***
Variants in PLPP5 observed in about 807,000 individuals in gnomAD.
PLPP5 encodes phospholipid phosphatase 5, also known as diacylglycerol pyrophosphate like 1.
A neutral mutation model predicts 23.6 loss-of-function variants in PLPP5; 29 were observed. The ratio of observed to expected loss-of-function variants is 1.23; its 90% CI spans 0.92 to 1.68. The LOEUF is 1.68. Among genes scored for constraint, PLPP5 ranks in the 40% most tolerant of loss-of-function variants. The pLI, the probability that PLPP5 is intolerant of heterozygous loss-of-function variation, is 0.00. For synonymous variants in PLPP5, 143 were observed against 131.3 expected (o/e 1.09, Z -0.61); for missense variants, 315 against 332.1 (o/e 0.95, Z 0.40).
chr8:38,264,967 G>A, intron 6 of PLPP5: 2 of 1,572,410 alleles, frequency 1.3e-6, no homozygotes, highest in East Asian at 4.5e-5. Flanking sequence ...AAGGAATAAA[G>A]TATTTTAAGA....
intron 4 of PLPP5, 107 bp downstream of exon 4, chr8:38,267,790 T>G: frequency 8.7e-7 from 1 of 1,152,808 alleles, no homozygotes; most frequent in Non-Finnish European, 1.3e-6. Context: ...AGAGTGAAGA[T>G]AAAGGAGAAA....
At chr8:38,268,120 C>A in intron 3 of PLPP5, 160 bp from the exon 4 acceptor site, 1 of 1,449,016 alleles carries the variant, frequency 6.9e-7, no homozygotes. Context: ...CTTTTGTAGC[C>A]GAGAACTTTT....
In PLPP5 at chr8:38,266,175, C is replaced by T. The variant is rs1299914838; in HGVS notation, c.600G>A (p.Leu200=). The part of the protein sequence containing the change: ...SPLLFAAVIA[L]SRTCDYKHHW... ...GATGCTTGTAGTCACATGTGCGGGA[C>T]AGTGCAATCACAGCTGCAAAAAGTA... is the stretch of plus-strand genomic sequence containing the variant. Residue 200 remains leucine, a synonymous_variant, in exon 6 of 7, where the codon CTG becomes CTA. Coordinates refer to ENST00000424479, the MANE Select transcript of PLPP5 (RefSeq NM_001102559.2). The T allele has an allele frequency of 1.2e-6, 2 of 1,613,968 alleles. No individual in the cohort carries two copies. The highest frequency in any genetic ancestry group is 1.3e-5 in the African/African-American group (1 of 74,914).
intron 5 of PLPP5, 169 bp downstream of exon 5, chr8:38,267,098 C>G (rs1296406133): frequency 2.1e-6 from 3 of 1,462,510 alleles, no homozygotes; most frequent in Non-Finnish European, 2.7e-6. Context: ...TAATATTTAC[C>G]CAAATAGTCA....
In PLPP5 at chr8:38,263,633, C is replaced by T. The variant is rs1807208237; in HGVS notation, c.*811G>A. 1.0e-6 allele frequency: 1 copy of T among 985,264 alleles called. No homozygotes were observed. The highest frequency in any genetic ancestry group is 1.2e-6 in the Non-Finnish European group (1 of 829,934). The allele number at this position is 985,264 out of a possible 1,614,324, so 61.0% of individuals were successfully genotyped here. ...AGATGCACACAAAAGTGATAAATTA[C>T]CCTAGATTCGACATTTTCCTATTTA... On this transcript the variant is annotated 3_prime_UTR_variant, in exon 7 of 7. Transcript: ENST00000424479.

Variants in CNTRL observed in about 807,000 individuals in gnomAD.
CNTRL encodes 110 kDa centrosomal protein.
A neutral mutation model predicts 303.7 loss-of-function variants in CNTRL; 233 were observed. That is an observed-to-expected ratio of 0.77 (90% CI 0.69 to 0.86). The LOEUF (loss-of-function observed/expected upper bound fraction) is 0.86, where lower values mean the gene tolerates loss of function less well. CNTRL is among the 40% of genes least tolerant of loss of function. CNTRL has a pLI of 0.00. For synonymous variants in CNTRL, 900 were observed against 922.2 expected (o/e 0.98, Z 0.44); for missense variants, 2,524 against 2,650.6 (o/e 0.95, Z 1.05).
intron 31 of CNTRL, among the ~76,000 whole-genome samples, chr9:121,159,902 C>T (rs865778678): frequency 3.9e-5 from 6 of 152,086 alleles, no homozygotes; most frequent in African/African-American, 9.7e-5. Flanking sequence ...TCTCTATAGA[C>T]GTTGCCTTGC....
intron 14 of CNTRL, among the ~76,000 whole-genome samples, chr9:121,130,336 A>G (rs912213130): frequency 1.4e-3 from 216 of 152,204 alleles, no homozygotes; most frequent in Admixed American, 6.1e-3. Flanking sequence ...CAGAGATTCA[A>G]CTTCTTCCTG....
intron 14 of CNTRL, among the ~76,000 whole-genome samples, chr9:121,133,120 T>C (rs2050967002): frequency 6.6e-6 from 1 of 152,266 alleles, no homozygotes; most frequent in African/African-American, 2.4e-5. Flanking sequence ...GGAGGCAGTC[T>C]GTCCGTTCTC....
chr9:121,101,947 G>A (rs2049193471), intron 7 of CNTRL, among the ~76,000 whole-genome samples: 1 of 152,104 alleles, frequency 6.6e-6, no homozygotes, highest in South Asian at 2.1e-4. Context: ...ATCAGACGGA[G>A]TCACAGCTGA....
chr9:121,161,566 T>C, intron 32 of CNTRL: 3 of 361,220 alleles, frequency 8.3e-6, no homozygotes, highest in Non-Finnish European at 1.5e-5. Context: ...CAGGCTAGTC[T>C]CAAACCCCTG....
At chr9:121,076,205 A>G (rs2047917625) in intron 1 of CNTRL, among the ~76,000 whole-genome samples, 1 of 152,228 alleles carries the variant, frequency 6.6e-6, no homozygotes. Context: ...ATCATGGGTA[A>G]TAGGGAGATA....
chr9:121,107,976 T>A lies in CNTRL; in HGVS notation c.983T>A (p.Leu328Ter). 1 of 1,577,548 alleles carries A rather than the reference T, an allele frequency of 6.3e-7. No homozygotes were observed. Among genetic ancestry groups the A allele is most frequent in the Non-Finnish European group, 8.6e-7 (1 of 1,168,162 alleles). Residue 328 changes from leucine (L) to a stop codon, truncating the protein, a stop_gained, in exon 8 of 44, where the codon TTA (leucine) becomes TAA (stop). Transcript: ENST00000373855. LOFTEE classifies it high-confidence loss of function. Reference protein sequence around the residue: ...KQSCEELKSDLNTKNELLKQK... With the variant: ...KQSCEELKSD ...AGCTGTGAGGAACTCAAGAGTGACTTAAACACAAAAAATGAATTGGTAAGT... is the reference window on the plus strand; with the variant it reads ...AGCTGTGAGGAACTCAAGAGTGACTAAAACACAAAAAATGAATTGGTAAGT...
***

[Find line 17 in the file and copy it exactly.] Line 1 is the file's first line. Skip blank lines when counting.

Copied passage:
chr9:121,161,566 T>C, intron 32 of CNTRL: 3 of 361,220 alleles, frequency 8.3e-6, no homozygotes, highest in Non-Finnish European at 1.5e-5. Context: ...CAGGCTAGTC[T>C]CAAACCCCTG....